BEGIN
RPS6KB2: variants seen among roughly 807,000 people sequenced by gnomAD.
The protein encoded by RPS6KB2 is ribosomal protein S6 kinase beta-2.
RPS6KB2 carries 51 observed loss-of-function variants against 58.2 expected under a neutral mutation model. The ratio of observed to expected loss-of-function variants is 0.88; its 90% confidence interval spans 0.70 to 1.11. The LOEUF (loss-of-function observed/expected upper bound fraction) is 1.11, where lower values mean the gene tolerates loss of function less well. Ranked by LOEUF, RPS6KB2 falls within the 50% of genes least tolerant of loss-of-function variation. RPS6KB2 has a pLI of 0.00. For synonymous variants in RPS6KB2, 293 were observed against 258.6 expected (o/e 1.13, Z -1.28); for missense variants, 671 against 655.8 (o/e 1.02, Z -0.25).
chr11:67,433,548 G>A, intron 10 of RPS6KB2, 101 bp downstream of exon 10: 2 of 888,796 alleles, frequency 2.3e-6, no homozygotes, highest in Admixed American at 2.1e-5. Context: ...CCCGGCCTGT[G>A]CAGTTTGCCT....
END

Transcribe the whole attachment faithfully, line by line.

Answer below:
RPS6KB2: variants seen among roughly 807,000 people sequenced by gnomAD.
The protein encoded by RPS6KB2 is ribosomal protein S6 kinase beta-2.
RPS6KB2 carries 51 observed loss-of-function variants against 58.2 expected under a neutral mutation model. The ratio of observed to expected loss-of-function variants is 0.88; its 90% confidence interval spans 0.70 to 1.11. The LOEUF (loss-of-function observed/expected upper bound fraction) is 1.11, where lower values mean the gene tolerates loss of function less well. Ranked by LOEUF, RPS6KB2 falls within the 50% of genes least tolerant of loss-of-function variation. RPS6KB2 has a pLI of 0.00. For synonymous variants in RPS6KB2, 293 were observed against 258.6 expected (o/e 1.13, Z -1.28); for missense variants, 671 against 655.8 (o/e 1.02, Z -0.25).
chr11:67,433,548 G>A, intron 10 of RPS6KB2, 101 bp downstream of exon 10: 2 of 888,796 alleles, frequency 2.3e-6, no homozygotes, highest in Admixed American at 2.1e-5. Context: ...CCCGGCCTGT[G>A]CAGTTTGCCT....